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Trump’s immigration crackdown starts to gain traction

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WASHINGTON, DC, United States (AFP) — With a little help from the Supreme Court and Mexico, US President Donald Trump’s fitful crackdown on immigration is finally gaining traction.

Trump has spent his entire presidency promising to stop illegal immigration, shut out asylum seekers and wall off the Mexican border.

The far-reaching policies sparked an avalanche of court challenges, complaints from human rights organisations and derision from opposition Democrats ahead of next year’s elections.

Undeterred, Trump has hammered away, making construction of a US-Mexican border wall one of his presidency’s centrepieces — and a key part of his 2020 re-election platform.

And this week he celebrated a string of victories.

The latest boost came Wednesday when the Supreme Court said he could enact severe restrictions on asylum seekers.

The ruling requires would-be refugees to ask for asylum in the first country they visit and only then — if they are rejected — can they attempt to apply in the United States.

The ruling — which has temporary effect while challenges play out in lower courts — shuts out large numbers of people fleeing violence and poverty in Central America. They will now have to apply for asylum in Mexico, rather than head directly to the United States.

Trump’s opponents, as well as dissenting Supreme Court Justice Sonia Sotomayor, say the change upends decades of tradition in which the US, itself founded by waves of often poor immigrants, has welcomed refugees.

But Trump, who argues that economic migrants abuse the system with fraudulent asylum claims, went on Twitter to herald the “BIG United States Supreme Court WIN for the Border on Asylum!”

“The Southern Border is becoming very strong despite the obstruction by Democrats,” he tweeted.

That’s far from all.

In July, the Supreme Court backed Trump’s move to divert billions of dollars in Pentagon funds to pay for extending or rebuilding stretches of wall on the Mexican border. This lets him circumvent fierce resistance to funding in a divided Congress.

The Pentagon also said this Tuesday that the deployment of 5,500 troops on the border — something that was initially highly controversial — was being extended for the coming year.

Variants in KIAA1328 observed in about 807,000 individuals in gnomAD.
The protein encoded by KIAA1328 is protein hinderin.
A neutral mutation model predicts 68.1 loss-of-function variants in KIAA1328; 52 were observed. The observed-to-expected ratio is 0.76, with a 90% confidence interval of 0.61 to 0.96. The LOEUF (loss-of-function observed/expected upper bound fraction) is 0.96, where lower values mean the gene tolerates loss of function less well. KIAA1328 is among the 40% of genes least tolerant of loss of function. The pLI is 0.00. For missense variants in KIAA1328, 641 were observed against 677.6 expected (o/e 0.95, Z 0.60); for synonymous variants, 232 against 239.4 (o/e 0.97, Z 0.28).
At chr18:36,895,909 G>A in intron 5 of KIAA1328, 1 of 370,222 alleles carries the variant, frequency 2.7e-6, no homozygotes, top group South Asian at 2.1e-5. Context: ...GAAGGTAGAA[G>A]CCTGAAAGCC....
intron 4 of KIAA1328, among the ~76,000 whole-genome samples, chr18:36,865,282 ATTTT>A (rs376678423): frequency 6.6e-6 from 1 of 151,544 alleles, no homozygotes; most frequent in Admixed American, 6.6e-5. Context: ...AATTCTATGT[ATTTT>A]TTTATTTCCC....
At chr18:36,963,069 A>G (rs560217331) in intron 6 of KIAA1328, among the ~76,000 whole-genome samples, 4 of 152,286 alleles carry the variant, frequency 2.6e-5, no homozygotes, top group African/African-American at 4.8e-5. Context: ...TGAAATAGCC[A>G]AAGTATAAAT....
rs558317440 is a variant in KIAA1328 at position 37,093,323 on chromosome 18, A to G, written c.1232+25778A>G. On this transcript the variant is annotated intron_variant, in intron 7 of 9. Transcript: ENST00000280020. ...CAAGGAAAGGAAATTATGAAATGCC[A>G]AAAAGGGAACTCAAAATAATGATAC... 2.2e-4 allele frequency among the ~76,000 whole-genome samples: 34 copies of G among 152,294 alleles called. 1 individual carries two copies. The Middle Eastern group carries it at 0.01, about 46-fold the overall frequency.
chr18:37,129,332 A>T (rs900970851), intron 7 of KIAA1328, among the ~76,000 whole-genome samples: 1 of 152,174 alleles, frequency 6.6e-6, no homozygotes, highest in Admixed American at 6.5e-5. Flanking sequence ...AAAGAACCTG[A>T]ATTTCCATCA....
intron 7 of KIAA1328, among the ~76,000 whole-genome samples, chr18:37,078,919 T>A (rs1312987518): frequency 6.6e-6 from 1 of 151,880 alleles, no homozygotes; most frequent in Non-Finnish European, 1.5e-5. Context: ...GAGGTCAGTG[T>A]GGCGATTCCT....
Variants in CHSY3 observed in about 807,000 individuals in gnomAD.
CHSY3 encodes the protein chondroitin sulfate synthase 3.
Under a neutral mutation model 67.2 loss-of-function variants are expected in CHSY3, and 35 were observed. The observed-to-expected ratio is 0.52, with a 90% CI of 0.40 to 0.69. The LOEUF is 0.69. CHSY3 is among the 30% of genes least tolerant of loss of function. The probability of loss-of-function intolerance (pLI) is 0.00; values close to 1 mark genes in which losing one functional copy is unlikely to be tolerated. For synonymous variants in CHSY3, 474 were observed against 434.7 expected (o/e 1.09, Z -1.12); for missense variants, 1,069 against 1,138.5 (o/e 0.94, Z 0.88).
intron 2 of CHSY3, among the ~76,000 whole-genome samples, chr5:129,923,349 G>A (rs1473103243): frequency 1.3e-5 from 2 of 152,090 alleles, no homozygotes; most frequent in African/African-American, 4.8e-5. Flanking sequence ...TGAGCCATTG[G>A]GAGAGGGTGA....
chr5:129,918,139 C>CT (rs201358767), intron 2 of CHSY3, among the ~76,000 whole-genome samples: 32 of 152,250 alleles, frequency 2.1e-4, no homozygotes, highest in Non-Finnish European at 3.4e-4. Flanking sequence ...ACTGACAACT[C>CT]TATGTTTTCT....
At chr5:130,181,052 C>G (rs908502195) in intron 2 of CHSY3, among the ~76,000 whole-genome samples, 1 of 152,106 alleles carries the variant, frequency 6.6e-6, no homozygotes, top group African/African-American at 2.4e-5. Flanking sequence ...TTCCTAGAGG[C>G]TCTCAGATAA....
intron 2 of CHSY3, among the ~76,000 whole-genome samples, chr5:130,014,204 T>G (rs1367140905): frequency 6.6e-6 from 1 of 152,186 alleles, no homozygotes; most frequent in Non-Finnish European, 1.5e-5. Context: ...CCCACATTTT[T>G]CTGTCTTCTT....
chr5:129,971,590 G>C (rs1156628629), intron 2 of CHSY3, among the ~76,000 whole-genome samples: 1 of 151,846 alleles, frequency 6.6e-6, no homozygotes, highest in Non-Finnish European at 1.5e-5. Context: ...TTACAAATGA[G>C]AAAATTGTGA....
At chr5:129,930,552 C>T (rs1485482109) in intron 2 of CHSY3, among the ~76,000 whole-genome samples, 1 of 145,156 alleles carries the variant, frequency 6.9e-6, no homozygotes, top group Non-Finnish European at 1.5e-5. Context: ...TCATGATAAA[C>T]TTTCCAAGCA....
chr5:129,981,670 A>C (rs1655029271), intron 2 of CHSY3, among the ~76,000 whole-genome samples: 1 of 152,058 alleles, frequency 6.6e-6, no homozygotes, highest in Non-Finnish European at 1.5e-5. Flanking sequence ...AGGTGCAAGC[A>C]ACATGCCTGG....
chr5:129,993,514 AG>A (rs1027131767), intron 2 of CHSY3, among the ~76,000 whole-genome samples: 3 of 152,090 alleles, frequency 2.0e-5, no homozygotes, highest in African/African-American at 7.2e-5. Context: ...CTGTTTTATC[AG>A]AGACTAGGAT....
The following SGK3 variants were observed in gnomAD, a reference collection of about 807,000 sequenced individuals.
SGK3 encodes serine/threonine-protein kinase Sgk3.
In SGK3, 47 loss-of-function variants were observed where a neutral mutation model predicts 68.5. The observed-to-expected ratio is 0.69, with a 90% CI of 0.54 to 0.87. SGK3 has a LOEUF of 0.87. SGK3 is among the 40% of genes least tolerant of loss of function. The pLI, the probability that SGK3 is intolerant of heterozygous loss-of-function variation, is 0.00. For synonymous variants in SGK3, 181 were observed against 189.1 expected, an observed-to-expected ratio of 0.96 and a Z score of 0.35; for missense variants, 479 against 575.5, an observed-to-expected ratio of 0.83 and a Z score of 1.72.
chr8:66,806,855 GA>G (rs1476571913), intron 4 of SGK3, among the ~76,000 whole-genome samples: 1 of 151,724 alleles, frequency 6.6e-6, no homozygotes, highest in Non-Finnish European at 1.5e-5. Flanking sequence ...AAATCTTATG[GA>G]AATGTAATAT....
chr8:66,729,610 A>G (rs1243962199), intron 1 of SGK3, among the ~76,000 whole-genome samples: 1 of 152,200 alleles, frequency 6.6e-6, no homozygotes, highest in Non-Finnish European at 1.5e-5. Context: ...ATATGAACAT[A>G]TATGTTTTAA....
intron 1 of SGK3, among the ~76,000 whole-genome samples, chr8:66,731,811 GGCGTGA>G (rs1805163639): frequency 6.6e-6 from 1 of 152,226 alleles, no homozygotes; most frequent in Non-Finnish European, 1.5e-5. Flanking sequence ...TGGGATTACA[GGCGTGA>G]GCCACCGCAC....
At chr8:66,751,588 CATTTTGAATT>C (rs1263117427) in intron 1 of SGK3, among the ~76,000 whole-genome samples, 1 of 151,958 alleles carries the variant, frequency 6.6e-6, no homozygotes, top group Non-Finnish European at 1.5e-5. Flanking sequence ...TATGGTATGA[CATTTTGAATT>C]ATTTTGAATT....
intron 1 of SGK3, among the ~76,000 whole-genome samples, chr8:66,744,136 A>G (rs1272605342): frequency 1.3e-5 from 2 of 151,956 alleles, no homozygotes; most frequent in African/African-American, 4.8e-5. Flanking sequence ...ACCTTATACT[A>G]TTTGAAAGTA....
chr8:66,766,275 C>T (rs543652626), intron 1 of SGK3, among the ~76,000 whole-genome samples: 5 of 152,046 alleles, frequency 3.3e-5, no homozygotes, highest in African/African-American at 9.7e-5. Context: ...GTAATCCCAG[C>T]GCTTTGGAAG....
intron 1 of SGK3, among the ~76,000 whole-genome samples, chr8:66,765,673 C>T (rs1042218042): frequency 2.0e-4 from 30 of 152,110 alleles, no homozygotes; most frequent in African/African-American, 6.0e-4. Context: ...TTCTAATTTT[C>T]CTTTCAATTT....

While Trump exaggerates the amount of wall-building activity there’s no question that momentum is gradually shifting his way.

“The Wall is going up very fast despite total obstruction by Democrats in Congress, and elsewhere!” he tweeted Wednesday.

Perhaps the most significant shift has happened on the other side of the long, rugged frontier, where the Mexican Government has set aside previous hostility to cooperate with Trump.

The change in mood follows threats by Trump to impose trade tariffs on Mexico, even though the two countries are in a free trade agreement together with Canada.

Not that Mexico is entirely happy. Foreign Minister Marcelo Ebrard called the new US asylum restrictions, which could mean a torrent of new cases for his country, “unprecedented”.

“Of course, we disagree,” he said.

But Mexico appears to have accepted it has no choice but to play by Trump’s rules.

On Monday, Mark Morgan, head of the US border patrol service, welcomed “unprecedented support” from Mexico, which he said has deployed 10,000 troops on its own southern border with Central America and 15,000 on the US border.

Proof that the joint crackdown is having an effect is in the numbers, US officials say.

August detentions of undocumented migrants numbered 64,000, down from 82,000 the previous month and 144,000 in May, Morgan said. Mexico, he said, has apprehended 134,000 people so far this year, compared to 83,000 in all of 2018.

Democrats use the immigration issue to paint Trump as heartless, even racist. But the president feels he’s on the right track.